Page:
A special situation: hubris vs. common sense

In 1999, after years of non-stop global travel, Mr. Manoogian joined a colleague who was the CFO at Teligent, a NASDAQ listed fixed wireless telephony provider, headquartered in Northern Virginia.  He served as Senior Vice President, Corporate Development. Teligent was seeking help on achieving a sustainable funding and operational plan after a frantic start up during the internet/telecom boom.

Launched in 1996 and led by Alex Mandl, the former president of AT&T, Teligent counted a who's who of investors as shareholders, including Liberty Media, NTT, and Telcom Ventures LLC. The company completed a $500 Million preferred equity investment led by Microsoft in late 1999. Other investors in that offering included Chase Capital Partners, Hicks Muse Tate & Furst, Deutsche Bank Equity Partners, and Olympus Funds.

We include this example not because it represented a successful outcome, but precisely because it didn't.  It illustrates the point made earlier about a Special Situation having lost the thread of common sense early on, which made it difficult to render a positive outcome, despite the efforts of some committed and talented people.  What occurred with Teligent stands in stark contrast to our approach at P|MB. The Teligent experience continues to color P|MB's judgment; reinforcing key common sense principals at P|MB:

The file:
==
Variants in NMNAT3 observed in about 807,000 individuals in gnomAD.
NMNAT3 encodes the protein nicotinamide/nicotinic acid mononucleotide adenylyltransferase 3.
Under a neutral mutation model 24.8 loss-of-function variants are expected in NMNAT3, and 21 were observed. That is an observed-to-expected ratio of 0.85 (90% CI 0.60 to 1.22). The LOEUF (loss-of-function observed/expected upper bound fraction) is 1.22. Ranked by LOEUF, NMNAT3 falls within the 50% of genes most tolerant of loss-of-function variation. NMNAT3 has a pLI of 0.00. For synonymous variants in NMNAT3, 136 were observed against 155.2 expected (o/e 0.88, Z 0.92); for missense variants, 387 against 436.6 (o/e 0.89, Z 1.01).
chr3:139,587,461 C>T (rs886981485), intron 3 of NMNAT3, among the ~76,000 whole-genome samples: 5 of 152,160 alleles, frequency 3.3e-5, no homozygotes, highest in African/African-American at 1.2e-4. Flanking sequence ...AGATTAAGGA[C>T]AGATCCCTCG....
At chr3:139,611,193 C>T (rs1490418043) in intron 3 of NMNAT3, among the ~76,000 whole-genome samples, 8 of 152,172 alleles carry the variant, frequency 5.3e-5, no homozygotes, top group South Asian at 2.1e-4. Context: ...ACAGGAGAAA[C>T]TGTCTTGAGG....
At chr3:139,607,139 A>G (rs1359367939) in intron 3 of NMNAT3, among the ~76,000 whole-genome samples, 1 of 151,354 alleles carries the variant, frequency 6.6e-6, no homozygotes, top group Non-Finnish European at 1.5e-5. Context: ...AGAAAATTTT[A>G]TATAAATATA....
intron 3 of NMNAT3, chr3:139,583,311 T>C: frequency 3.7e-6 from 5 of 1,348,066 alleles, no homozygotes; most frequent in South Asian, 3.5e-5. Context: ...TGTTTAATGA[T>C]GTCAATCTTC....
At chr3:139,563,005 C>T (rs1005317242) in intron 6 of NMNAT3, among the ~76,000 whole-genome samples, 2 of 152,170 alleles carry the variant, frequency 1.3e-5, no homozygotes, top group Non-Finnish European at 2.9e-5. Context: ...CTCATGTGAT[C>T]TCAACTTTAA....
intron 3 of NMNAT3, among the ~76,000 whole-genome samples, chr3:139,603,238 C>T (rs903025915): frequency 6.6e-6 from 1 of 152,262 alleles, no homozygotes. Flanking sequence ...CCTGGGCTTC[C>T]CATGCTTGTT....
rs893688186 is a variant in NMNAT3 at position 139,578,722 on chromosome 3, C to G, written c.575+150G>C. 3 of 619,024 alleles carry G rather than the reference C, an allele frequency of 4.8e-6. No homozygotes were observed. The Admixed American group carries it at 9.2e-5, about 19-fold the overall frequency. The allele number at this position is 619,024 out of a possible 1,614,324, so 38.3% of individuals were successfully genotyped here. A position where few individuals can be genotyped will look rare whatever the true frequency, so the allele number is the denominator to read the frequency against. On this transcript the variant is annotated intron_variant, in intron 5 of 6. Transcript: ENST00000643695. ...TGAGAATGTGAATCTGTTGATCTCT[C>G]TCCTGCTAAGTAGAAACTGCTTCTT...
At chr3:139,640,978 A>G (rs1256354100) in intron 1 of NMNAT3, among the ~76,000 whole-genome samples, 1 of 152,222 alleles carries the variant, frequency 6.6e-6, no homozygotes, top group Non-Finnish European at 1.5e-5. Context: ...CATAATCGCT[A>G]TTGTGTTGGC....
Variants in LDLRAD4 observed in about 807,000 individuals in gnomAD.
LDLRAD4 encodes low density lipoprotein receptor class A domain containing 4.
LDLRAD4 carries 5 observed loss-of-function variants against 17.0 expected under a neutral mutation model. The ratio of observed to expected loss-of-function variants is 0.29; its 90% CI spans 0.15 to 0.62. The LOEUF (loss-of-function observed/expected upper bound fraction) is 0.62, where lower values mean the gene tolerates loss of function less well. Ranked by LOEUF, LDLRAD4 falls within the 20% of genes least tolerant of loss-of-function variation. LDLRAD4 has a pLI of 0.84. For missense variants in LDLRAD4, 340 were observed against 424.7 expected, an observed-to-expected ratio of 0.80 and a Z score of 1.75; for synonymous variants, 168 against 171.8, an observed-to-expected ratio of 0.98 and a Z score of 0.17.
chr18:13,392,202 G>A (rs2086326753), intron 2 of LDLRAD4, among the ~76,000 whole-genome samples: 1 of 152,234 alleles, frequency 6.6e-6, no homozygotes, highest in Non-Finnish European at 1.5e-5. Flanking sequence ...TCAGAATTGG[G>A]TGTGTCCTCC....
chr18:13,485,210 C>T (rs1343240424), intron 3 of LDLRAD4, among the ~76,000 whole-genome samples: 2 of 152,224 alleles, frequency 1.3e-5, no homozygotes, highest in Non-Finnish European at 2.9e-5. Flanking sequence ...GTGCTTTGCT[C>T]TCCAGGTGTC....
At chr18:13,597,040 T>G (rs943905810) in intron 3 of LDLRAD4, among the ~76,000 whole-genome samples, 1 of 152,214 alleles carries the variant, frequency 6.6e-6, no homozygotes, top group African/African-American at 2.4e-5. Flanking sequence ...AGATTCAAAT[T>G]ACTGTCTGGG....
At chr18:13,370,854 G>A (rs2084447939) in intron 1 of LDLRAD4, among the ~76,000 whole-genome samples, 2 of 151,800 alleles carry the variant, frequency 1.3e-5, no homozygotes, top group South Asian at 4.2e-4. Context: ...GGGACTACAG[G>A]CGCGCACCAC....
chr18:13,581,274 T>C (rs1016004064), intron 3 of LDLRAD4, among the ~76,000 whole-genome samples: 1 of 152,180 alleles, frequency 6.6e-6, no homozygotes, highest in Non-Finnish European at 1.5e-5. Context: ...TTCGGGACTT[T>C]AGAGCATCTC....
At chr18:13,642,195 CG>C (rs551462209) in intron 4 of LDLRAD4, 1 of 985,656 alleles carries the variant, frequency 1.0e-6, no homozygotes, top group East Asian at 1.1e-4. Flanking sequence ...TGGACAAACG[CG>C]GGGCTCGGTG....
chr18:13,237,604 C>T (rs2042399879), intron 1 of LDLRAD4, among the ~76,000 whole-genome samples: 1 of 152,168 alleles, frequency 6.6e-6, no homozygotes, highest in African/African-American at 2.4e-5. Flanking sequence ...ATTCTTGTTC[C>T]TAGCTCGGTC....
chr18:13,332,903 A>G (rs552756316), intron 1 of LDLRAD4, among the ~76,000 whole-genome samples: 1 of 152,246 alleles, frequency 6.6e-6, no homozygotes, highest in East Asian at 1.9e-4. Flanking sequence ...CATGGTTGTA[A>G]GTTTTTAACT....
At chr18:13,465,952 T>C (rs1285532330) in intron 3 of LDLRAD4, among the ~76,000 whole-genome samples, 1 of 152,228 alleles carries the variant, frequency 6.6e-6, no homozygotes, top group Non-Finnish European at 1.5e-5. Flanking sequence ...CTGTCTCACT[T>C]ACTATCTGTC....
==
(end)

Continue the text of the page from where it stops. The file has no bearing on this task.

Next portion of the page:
• a pedigree management team or shareholder base alone is not the basis for investment,
  • there is no single asset that is a substitute for an executable operating plan,
  • management must have a desire to actually operate the business as the means to create value, not simply hold or flip assets,
  • you can't spend your way to break even,
  • capital structures must reflect an alignment of investor interests to the extent possible, and
  • you must have a willingness to say something when the emperor has no clothes.